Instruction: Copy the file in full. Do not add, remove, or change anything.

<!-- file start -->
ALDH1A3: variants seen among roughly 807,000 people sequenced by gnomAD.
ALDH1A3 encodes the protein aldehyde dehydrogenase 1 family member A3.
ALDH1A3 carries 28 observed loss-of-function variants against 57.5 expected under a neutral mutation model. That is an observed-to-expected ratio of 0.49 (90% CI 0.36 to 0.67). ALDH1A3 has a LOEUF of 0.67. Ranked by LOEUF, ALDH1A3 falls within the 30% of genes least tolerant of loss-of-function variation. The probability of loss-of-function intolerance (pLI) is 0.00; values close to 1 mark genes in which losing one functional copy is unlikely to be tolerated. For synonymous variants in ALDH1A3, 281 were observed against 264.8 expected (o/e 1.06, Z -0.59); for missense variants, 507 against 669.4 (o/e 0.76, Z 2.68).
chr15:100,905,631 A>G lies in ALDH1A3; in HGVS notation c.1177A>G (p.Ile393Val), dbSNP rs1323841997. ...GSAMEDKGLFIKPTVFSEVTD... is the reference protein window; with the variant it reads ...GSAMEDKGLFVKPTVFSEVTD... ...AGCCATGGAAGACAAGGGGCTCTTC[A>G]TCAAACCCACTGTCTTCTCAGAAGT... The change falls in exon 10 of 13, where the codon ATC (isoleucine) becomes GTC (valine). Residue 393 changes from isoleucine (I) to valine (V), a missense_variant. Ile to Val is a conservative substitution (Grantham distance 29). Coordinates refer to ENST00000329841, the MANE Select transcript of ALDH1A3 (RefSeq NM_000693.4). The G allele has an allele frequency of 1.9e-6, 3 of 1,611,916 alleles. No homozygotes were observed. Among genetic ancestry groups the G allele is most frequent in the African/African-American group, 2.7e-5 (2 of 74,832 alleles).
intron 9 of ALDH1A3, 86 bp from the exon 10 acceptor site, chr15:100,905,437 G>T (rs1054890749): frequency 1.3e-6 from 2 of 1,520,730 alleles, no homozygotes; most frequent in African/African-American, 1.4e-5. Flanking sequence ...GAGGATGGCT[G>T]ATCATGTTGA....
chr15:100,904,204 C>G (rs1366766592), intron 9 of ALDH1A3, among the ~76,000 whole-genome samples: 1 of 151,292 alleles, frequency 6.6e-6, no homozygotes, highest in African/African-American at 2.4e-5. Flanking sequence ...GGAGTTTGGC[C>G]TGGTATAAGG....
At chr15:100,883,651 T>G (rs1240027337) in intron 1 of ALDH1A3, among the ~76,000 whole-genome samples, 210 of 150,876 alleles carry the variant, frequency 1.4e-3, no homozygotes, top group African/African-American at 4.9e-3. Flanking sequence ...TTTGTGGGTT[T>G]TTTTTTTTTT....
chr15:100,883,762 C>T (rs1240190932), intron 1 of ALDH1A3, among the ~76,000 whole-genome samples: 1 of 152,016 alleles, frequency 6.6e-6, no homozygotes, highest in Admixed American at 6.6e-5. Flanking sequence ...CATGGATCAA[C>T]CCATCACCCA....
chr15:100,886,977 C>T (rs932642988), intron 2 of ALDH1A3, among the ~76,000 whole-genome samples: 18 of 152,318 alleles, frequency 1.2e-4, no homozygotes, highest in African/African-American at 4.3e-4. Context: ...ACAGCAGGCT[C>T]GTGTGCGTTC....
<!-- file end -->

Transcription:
ALDH1A3: variants seen among roughly 807,000 people sequenced by gnomAD.
ALDH1A3 encodes the protein aldehyde dehydrogenase 1 family member A3.
ALDH1A3 carries 28 observed loss-of-function variants against 57.5 expected under a neutral mutation model. That is an observed-to-expected ratio of 0.49 (90% CI 0.36 to 0.67). ALDH1A3 has a LOEUF of 0.67. Ranked by LOEUF, ALDH1A3 falls within the 30% of genes least tolerant of loss-of-function variation. The probability of loss-of-function intolerance (pLI) is 0.00; values close to 1 mark genes in which losing one functional copy is unlikely to be tolerated. For synonymous variants in ALDH1A3, 281 were observed against 264.8 expected (o/e 1.06, Z -0.59); for missense variants, 507 against 669.4 (o/e 0.76, Z 2.68).
chr15:100,905,631 A>G lies in ALDH1A3; in HGVS notation c.1177A>G (p.Ile393Val), dbSNP rs1323841997. ...GSAMEDKGLFIKPTVFSEVTD... is the reference protein window; with the variant it reads ...GSAMEDKGLFVKPTVFSEVTD... ...AGCCATGGAAGACAAGGGGCTCTTC[A>G]TCAAACCCACTGTCTTCTCAGAAGT... The change falls in exon 10 of 13, where the codon ATC (isoleucine) becomes GTC (valine). Residue 393 changes from isoleucine (I) to valine (V), a missense_variant. Ile to Val is a conservative substitution (Grantham distance 29). Coordinates refer to ENST00000329841, the MANE Select transcript of ALDH1A3 (RefSeq NM_000693.4). The G allele has an allele frequency of 1.9e-6, 3 of 1,611,916 alleles. No homozygotes were observed. Among genetic ancestry groups the G allele is most frequent in the African/African-American group, 2.7e-5 (2 of 74,832 alleles).
intron 9 of ALDH1A3, 86 bp from the exon 10 acceptor site, chr15:100,905,437 G>T (rs1054890749): frequency 1.3e-6 from 2 of 1,520,730 alleles, no homozygotes; most frequent in African/African-American, 1.4e-5. Flanking sequence ...GAGGATGGCT[G>T]ATCATGTTGA....
chr15:100,904,204 C>G (rs1366766592), intron 9 of ALDH1A3, among the ~76,000 whole-genome samples: 1 of 151,292 alleles, frequency 6.6e-6, no homozygotes, highest in African/African-American at 2.4e-5. Flanking sequence ...GGAGTTTGGC[C>G]TGGTATAAGG....
At chr15:100,883,651 T>G (rs1240027337) in intron 1 of ALDH1A3, among the ~76,000 whole-genome samples, 210 of 150,876 alleles carry the variant, frequency 1.4e-3, no homozygotes, top group African/African-American at 4.9e-3. Flanking sequence ...TTTGTGGGTT[T>G]TTTTTTTTTT....
chr15:100,883,762 C>T (rs1240190932), intron 1 of ALDH1A3, among the ~76,000 whole-genome samples: 1 of 152,016 alleles, frequency 6.6e-6, no homozygotes, highest in Admixed American at 6.6e-5. Flanking sequence ...CATGGATCAA[C>T]CCATCACCCA....
chr15:100,886,977 C>T (rs932642988), intron 2 of ALDH1A3, among the ~76,000 whole-genome samples: 18 of 152,318 alleles, frequency 1.2e-4, no homozygotes, highest in African/African-American at 4.3e-4. Context: ...ACAGCAGGCT[C>T]GTGTGCGTTC....